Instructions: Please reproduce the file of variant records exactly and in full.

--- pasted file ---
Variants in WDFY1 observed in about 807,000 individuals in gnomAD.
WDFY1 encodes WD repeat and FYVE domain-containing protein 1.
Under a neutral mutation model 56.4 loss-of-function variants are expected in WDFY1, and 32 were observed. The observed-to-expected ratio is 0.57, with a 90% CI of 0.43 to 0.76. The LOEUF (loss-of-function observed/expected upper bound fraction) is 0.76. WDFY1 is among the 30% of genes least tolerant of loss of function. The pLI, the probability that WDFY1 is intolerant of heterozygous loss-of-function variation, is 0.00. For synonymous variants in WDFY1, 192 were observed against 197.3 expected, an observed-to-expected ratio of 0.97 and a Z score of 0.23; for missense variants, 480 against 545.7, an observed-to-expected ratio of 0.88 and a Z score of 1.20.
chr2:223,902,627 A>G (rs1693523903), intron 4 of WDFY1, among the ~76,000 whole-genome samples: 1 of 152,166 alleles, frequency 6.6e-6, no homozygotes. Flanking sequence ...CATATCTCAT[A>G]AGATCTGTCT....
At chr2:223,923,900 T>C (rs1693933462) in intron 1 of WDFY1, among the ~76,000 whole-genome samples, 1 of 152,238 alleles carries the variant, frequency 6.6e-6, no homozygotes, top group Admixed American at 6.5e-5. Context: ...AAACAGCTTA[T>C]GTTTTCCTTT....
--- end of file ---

Variants in WDFY1 observed in about 807,000 individuals in gnomAD.
WDFY1 encodes WD repeat and FYVE domain-containing protein 1.
Under a neutral mutation model 56.4 loss-of-function variants are expected in WDFY1, and 32 were observed. The observed-to-expected ratio is 0.57, with a 90% CI of 0.43 to 0.76. The LOEUF (loss-of-function observed/expected upper bound fraction) is 0.76. WDFY1 is among the 30% of genes least tolerant of loss of function. The pLI, the probability that WDFY1 is intolerant of heterozygous loss-of-function variation, is 0.00. For synonymous variants in WDFY1, 192 were observed against 197.3 expected, an observed-to-expected ratio of 0.97 and a Z score of 0.23; for missense variants, 480 against 545.7, an observed-to-expected ratio of 0.88 and a Z score of 1.20.
chr2:223,902,627 A>G (rs1693523903), intron 4 of WDFY1, among the ~76,000 whole-genome samples: 1 of 152,166 alleles, frequency 6.6e-6, no homozygotes. Flanking sequence ...CATATCTCAT[A>G]AGATCTGTCT....
At chr2:223,923,900 T>C (rs1693933462) in intron 1 of WDFY1, among the ~76,000 whole-genome samples, 1 of 152,238 alleles carries the variant, frequency 6.6e-6, no homozygotes, top group Admixed American at 6.5e-5. Context: ...AAACAGCTTA[T>C]GTTTTCCTTT....